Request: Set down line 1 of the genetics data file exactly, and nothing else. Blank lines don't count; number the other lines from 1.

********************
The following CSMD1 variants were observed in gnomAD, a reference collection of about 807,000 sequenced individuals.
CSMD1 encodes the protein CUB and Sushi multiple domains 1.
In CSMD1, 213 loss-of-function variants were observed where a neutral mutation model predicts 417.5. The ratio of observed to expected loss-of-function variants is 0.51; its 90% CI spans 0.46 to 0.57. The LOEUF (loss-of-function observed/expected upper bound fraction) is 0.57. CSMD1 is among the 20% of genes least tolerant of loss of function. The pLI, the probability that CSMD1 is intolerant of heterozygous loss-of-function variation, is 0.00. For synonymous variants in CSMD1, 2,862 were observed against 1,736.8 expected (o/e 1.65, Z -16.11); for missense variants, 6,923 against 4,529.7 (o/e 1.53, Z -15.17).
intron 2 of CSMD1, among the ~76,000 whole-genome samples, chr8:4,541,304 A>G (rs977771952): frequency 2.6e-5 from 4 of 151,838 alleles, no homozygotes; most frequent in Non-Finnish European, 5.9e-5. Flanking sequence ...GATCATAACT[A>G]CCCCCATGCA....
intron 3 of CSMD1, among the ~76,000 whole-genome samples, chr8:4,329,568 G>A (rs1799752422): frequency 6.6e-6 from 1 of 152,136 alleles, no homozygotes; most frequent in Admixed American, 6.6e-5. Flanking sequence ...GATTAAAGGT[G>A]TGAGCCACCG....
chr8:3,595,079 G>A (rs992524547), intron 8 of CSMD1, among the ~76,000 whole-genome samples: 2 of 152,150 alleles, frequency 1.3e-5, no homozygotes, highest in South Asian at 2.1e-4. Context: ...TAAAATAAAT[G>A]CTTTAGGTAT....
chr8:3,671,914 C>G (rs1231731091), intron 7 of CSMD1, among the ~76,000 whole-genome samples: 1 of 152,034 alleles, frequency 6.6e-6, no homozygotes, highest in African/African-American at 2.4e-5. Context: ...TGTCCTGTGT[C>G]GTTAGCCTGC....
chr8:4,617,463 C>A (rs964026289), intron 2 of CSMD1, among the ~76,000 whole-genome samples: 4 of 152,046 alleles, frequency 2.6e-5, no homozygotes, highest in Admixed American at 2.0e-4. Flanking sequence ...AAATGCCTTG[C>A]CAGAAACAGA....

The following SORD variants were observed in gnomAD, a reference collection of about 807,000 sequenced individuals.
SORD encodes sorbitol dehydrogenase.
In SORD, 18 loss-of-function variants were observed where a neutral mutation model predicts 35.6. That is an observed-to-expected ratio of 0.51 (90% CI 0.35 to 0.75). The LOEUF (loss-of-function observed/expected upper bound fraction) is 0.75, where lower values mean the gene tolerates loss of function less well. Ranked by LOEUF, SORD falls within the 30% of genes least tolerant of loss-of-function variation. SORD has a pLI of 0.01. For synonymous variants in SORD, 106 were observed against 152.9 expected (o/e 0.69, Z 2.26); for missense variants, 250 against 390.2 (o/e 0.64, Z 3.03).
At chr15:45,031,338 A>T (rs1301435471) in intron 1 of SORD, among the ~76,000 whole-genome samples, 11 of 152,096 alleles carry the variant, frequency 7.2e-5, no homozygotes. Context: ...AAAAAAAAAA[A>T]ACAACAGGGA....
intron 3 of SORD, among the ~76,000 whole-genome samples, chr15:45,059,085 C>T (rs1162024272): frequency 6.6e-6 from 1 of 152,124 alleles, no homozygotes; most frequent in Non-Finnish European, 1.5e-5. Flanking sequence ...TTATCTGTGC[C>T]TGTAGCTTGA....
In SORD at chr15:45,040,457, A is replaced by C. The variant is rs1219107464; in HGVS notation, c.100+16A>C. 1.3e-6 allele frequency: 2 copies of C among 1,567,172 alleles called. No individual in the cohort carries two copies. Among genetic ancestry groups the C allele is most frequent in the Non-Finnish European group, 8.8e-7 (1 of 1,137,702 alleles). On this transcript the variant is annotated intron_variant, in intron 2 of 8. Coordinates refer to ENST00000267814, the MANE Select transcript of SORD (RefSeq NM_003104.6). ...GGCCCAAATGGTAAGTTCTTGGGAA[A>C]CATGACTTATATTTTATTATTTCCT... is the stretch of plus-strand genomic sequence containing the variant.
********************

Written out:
The following CSMD1 variants were observed in gnomAD, a reference collection of about 807,000 sequenced individuals.